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Climate action shows how to take control

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Issue 2672
School strikes and Extinction Rebellion have a direct impact on unions
School strikes and Extinction Rebellion have a direct impact on unions (Pic: Neil Terry)

The global climate strike this Friday has shown how trade unions can revive. The strikes have also put militant action and unofficial walkouts back on the agenda.

It is one of our biggest opportunities to rebuild the strength, organisation and confidence of working class people to fight for a better world.

The run-up to 20 September has seen union leaders catching up with a mood among workers wanting to do something about climate change.

Steve Turner, the Unite union deputy assistant general secretary, called on workers to “take whatever action we can” or “we’ll be seen as irrelevant”.

Such statements show how the school strikes and Extinction Rebellion’s (XR) direct actions have had an impact on the union movement.

Plenty of union members—and workers not in unions—will have taken part in XR or been inspired by the students.

After the call for 20 September was made, many wanted to do something themselves. NEU and Napo union leaders say they’ve been inundated with members asking what they are allowed to do on the day.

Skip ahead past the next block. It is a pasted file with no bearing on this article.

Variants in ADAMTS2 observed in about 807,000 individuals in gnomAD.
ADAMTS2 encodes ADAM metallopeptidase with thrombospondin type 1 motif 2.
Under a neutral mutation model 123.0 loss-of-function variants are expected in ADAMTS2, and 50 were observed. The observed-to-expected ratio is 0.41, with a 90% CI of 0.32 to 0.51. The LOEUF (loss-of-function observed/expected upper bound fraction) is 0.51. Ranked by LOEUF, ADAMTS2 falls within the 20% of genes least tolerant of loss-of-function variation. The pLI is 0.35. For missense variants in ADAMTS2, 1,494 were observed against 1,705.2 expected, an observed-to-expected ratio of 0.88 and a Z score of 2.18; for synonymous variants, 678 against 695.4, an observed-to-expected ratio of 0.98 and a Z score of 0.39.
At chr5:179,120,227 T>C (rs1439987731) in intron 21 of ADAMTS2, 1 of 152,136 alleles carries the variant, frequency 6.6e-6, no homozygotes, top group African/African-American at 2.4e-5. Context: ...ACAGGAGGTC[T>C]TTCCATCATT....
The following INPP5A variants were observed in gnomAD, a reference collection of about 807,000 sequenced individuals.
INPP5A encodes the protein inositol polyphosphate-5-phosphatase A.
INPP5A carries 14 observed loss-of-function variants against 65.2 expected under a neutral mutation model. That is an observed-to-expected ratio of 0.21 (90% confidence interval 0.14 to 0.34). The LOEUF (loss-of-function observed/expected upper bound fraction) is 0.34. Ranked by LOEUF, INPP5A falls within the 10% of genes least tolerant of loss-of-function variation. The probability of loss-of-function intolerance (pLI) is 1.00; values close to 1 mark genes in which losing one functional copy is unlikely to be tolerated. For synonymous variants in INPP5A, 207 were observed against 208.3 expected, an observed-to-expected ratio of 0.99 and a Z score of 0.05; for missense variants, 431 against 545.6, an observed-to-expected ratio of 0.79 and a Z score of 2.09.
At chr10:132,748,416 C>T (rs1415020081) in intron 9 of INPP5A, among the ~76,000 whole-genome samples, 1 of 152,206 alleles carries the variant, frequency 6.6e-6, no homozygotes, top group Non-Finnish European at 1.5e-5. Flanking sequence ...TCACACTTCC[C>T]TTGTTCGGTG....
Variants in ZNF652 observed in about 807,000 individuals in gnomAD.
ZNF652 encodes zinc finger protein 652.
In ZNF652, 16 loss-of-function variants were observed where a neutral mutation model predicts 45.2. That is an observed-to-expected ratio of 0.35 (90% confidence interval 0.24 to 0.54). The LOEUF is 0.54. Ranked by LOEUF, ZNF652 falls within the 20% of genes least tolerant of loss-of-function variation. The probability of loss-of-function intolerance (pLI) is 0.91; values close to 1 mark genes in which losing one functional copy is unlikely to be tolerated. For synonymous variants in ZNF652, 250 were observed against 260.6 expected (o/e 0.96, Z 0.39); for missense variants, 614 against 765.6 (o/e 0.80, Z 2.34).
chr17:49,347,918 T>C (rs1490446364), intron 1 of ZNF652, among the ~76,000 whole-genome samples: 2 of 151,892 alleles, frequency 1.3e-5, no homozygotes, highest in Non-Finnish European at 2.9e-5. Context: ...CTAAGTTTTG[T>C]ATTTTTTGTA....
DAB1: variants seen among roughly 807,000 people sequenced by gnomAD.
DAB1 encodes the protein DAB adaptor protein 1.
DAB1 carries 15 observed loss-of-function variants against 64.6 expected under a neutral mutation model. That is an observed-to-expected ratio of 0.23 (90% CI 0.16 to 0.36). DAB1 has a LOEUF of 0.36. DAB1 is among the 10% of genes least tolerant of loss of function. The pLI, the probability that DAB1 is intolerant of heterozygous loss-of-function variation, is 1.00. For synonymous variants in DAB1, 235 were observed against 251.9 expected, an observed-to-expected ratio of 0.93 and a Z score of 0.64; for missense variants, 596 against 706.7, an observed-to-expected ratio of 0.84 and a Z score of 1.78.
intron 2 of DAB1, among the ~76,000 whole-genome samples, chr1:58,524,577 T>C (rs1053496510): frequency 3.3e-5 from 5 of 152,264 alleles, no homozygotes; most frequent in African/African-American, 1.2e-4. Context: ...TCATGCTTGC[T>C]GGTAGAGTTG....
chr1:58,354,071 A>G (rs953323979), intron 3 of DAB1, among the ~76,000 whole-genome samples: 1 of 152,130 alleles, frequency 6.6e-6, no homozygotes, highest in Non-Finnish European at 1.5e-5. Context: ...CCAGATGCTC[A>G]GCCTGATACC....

What better way to get workers to join unions than acting over climate change?

This doesn’t mean that union leaders are suddenly won over to unofficial action.

But it’s got people talking about a strike in a big way—and taking part in action will give people confidence.

Working class people are told we are too stupid to have a real say over political questions, whether it’s climate change or how the economy is run.

We have little control over our own lives at work, with managers telling us what to do. And students are at the bottom of the pecking order.

So when people strike or take to the streets in large numbers, they feel strong because they glimpse taking control.

There’s no better way to hit back against a bullying boss.

And when people take action, climate chaos no longer seems like an inevitability that ordinary people can’t do anything about.

The action on 20 September can’t be a one-off.

We need more workers to join the next climate strike—and we need more of them to take militant action over this issue and others such as austerity and racism.

Some socialists will have put the argument for an unofficial walkout this Friday and not won a majority for it.

But now people will have taken part in some sort of action or seen mass media coverage of the global climate strike.

More people will be won to the idea of a strike as a good way of fighting back.

The 20 September points to an alternative to many union leaders’ conservatism.

Seize on it.

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